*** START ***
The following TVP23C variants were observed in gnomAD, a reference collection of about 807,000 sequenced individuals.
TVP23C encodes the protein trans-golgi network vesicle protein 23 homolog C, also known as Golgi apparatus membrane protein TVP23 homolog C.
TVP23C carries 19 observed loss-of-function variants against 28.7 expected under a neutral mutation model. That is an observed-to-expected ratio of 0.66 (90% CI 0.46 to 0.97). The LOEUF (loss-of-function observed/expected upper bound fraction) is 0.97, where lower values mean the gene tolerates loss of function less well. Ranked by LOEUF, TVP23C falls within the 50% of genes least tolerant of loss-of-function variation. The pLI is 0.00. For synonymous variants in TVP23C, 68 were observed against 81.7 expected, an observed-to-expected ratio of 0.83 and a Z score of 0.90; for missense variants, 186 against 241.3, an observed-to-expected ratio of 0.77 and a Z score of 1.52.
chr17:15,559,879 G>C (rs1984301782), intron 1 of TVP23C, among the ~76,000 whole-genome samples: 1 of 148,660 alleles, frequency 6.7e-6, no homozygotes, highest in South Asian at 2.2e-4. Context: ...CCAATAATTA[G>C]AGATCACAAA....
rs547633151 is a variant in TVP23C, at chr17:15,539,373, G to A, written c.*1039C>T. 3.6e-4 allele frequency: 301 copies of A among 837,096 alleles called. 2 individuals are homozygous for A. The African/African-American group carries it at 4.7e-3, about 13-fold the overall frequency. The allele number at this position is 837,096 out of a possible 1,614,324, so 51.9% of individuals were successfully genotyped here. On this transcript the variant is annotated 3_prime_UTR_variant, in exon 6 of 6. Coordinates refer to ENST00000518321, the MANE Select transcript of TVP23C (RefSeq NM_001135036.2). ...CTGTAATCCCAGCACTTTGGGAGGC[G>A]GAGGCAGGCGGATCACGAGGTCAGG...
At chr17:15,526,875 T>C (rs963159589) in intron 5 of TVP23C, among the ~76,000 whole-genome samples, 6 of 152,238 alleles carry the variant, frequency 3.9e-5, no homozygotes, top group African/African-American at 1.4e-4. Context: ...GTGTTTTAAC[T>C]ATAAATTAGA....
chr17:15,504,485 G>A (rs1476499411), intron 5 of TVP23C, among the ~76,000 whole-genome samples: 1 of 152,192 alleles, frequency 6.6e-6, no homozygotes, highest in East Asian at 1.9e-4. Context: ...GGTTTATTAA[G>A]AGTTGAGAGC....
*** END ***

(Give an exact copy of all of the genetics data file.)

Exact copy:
The following TVP23C variants were observed in gnomAD, a reference collection of about 807,000 sequenced individuals.
TVP23C encodes the protein trans-golgi network vesicle protein 23 homolog C, also known as Golgi apparatus membrane protein TVP23 homolog C.
TVP23C carries 19 observed loss-of-function variants against 28.7 expected under a neutral mutation model. That is an observed-to-expected ratio of 0.66 (90% CI 0.46 to 0.97). The LOEUF (loss-of-function observed/expected upper bound fraction) is 0.97, where lower values mean the gene tolerates loss of function less well. Ranked by LOEUF, TVP23C falls within the 50% of genes least tolerant of loss-of-function variation. The pLI is 0.00. For synonymous variants in TVP23C, 68 were observed against 81.7 expected, an observed-to-expected ratio of 0.83 and a Z score of 0.90; for missense variants, 186 against 241.3, an observed-to-expected ratio of 0.77 and a Z score of 1.52.
chr17:15,559,879 G>C (rs1984301782), intron 1 of TVP23C, among the ~76,000 whole-genome samples: 1 of 148,660 alleles, frequency 6.7e-6, no homozygotes, highest in South Asian at 2.2e-4. Context: ...CCAATAATTA[G>C]AGATCACAAA....
rs547633151 is a variant in TVP23C, at chr17:15,539,373, G to A, written c.*1039C>T. 3.6e-4 allele frequency: 301 copies of A among 837,096 alleles called. 2 individuals are homozygous for A. The African/African-American group carries it at 4.7e-3, about 13-fold the overall frequency. The allele number at this position is 837,096 out of a possible 1,614,324, so 51.9% of individuals were successfully genotyped here. On this transcript the variant is annotated 3_prime_UTR_variant, in exon 6 of 6. Coordinates refer to ENST00000518321, the MANE Select transcript of TVP23C (RefSeq NM_001135036.2). ...CTGTAATCCCAGCACTTTGGGAGGC[G>A]GAGGCAGGCGGATCACGAGGTCAGG...
At chr17:15,526,875 T>C (rs963159589) in intron 5 of TVP23C, among the ~76,000 whole-genome samples, 6 of 152,238 alleles carry the variant, frequency 3.9e-5, no homozygotes, top group African/African-American at 1.4e-4. Context: ...GTGTTTTAAC[T>C]ATAAATTAGA....
chr17:15,504,485 G>A (rs1476499411), intron 5 of TVP23C, among the ~76,000 whole-genome samples: 1 of 152,192 alleles, frequency 6.6e-6, no homozygotes, highest in East Asian at 1.9e-4. Context: ...GGTTTATTAA[G>A]AGTTGAGAGC....